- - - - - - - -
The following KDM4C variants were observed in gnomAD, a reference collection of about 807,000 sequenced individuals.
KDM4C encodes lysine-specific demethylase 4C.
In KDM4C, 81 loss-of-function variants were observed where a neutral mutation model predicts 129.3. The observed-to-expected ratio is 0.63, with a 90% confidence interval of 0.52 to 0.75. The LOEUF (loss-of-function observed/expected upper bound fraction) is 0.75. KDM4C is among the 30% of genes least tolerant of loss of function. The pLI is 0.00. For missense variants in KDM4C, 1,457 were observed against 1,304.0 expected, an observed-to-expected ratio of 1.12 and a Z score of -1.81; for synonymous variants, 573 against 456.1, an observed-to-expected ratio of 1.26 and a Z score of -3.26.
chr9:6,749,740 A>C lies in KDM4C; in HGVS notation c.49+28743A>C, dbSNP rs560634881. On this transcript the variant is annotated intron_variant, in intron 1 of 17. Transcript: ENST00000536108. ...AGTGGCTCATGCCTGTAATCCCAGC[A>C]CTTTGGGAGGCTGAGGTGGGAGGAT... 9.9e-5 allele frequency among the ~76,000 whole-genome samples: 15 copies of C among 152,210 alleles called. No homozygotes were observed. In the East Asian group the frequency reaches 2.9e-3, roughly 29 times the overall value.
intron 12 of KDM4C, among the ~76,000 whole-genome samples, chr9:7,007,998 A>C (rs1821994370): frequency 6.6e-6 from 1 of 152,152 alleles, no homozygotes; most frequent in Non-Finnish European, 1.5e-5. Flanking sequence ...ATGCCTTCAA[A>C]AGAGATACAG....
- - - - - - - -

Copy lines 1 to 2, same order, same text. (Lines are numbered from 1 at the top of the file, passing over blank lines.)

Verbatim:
The following KDM4C variants were observed in gnomAD, a reference collection of about 807,000 sequenced individuals.
KDM4C encodes lysine-specific demethylase 4C.